How Hayley Williams Gets Ready to Perform on a Paramore Tour — See Photos

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Focused on muses from the 1960s and early ’70s such as Rita Moreno and Jane Asher, Williams sought to embody their style during a time when things were just as political as they are now. “There’s a lot of political discourse around that time — the miniskirt itself was a political statement,” Williams tells Allure. “There’s a lot of parallels, politically. It’s uncool that, in some ways, there’s been no progress. There’s still inequity — whether it be racial issues, gender issues.” Williams explains that her look on stage is about subtly playing into the commonalities of the fight women have been enduring for the last 60+ years. “On the opposite side, Brian and I’ve been really inspired by these women throughout time. There’s ways to find throughlines through all of it.”

Williams is herself a muse for many in the emo generation. She’s been at the helm of Paramore since the band’s inception when she was 15: a vocal powerhouse and commanding frontwoman in a genre dominated by men. Her style has always been eye-catching, from her hair, which has ranged from amber to clinohumite to everything in the fiery in-between, to style juxtapositions of placing a pleather skirt with a tee or a frilly red frock with Birkenstocks. Over the years, she’s been able to soften structured looks with fairy-like makeup or make more dainty ensembles edgier with in-your-face hair colors. 

For Paramore’s latest tour, she’s leaning hard into the girlish, the delicate, and even the whimsical. “I think holding on to femininity and using that as a way to feel empowered has been really cool,” says Williams. “I’ve been very adamant about pulling away from femininity [in the past]. Not really seeing my own power in that way. And Brian’s always tried to help me understand that there’s power there.”

O’Connor is not just Williams’s one-person glam squad: he’s Good Dye Young’s co-founder, chief innovation officer, and Williams’s best friend. He takes her direction and executes it the Williams way. “How can we take [inspiration] and make it our own?” says O’Connor. “Maybe mess it up at the end? Like Hayley said, getting up on stage in a dress for just a regular show — most people wouldn’t realize that it’s a big deal for her, it’s not something she would consider her norm. It’s also making sure that the hair and the makeup complement that and not put it over the top to where she does not feel like herself. If the clothing and styling for stage are very structured, or maybe something that’s more outside of her comfort zone, it’s good to have hair and makeup be in her comfort zone.”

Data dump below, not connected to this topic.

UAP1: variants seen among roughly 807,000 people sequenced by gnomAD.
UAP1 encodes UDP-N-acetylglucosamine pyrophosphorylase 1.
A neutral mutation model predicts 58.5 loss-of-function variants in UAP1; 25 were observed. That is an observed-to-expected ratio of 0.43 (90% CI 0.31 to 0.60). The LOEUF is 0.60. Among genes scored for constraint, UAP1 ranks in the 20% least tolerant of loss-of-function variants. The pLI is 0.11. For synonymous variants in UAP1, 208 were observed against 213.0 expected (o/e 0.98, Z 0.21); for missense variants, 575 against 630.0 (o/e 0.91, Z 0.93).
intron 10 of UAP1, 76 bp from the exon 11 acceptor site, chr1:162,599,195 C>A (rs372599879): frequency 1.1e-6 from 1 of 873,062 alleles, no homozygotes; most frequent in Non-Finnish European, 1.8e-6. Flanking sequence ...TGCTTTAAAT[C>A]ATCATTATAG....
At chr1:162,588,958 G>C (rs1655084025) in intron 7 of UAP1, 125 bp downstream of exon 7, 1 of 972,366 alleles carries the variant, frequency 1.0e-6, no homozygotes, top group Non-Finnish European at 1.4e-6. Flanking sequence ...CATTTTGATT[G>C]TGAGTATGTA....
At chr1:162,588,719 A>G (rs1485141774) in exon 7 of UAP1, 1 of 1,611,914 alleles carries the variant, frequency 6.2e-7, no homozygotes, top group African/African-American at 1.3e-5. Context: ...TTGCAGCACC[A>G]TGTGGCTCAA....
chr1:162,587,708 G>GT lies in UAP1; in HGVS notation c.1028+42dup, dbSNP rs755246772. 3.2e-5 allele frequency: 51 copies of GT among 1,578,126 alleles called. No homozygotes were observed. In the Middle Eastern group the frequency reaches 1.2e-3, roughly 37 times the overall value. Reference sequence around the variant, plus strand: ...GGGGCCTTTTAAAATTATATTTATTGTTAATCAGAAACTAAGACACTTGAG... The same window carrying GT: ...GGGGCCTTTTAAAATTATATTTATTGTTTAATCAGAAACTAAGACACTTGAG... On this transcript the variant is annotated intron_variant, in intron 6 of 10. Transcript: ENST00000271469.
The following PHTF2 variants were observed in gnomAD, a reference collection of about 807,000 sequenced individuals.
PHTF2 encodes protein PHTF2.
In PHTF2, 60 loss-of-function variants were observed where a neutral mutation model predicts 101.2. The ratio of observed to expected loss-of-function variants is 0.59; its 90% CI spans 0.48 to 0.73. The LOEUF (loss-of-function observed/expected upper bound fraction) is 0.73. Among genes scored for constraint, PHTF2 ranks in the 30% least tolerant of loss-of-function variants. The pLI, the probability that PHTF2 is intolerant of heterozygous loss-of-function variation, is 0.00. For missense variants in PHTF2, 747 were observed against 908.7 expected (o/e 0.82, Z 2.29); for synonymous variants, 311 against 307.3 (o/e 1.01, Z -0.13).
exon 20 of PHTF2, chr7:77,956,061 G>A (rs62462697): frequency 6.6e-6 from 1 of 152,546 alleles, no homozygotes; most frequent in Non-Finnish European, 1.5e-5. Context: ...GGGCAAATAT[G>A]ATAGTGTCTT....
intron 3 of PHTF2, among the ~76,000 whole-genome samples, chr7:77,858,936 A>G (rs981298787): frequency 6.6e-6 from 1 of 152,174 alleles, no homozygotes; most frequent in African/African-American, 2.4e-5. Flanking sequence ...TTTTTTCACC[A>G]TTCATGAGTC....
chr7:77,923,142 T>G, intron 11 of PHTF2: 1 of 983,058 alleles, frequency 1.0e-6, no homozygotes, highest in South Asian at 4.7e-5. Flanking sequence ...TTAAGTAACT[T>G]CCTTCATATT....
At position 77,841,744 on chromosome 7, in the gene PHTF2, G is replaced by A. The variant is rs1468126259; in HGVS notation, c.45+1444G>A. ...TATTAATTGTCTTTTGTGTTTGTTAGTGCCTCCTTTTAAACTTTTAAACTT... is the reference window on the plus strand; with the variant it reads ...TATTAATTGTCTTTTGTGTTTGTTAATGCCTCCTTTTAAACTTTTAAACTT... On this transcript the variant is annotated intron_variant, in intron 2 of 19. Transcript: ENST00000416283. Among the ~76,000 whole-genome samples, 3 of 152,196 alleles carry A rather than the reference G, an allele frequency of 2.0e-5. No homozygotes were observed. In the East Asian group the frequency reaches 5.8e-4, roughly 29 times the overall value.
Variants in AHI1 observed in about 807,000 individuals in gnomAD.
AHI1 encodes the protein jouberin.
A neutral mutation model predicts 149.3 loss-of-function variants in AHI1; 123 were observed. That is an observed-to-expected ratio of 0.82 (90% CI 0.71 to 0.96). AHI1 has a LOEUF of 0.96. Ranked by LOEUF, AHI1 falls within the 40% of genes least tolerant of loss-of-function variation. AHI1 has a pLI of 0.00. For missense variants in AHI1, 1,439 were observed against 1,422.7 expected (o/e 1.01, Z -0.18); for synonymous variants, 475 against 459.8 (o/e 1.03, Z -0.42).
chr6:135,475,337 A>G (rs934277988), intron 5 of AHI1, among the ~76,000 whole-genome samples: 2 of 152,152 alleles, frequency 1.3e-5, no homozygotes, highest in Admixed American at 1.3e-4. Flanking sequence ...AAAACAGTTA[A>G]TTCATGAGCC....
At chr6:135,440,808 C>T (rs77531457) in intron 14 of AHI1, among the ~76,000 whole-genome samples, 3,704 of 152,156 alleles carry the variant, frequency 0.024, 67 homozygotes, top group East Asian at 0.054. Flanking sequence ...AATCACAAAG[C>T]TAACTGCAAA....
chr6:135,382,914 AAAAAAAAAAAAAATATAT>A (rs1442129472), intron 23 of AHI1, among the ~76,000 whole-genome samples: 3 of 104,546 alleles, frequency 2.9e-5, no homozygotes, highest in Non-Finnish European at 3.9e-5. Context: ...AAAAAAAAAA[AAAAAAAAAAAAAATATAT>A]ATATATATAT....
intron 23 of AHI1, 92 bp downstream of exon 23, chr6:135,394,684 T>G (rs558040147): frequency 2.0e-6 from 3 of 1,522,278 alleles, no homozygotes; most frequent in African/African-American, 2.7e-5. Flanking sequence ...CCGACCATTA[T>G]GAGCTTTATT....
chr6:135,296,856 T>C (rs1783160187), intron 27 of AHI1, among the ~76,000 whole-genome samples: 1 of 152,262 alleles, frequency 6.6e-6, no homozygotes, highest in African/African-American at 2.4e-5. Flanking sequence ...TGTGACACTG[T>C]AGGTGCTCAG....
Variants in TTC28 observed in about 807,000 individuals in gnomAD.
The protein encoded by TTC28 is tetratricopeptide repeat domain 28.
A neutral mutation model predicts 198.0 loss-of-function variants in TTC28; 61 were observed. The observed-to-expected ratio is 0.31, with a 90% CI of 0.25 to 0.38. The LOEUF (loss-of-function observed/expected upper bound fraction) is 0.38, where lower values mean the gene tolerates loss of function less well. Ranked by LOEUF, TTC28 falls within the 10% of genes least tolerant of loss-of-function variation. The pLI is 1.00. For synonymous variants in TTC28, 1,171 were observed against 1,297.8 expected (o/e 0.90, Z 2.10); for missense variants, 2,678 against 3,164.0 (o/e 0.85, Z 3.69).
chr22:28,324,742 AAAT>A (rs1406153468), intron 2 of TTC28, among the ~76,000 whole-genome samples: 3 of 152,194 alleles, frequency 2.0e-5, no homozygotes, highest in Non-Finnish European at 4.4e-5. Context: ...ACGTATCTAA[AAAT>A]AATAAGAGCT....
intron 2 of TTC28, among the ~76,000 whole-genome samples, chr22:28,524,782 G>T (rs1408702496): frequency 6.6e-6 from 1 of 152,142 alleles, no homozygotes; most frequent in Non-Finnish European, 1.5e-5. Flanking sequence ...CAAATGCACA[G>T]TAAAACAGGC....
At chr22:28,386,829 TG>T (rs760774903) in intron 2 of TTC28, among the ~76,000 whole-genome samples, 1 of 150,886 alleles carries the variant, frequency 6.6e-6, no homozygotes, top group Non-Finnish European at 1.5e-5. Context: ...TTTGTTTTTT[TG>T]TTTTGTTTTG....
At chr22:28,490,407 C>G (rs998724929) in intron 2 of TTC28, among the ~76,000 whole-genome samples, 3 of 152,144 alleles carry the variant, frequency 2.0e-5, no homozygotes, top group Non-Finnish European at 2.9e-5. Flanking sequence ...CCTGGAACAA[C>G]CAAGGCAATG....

Williams has maintained her voice throughout her almost two-decade-long career — as recently as 2020, she seemingly called out a former bandmate for homophobia to (rightfully) put former Arkansas Governor Mike Huckabee in his place for misogyny; at the Beacon Theater show, she passionately commented on how proud she is of Paramore’s diverse and inclusive fanbase; she wants to communicate that we can’t turn a blind eye to the state of the world and to send a message that we need to acknowledge current events, transgressions, and inequalities without letting them destroy us. 

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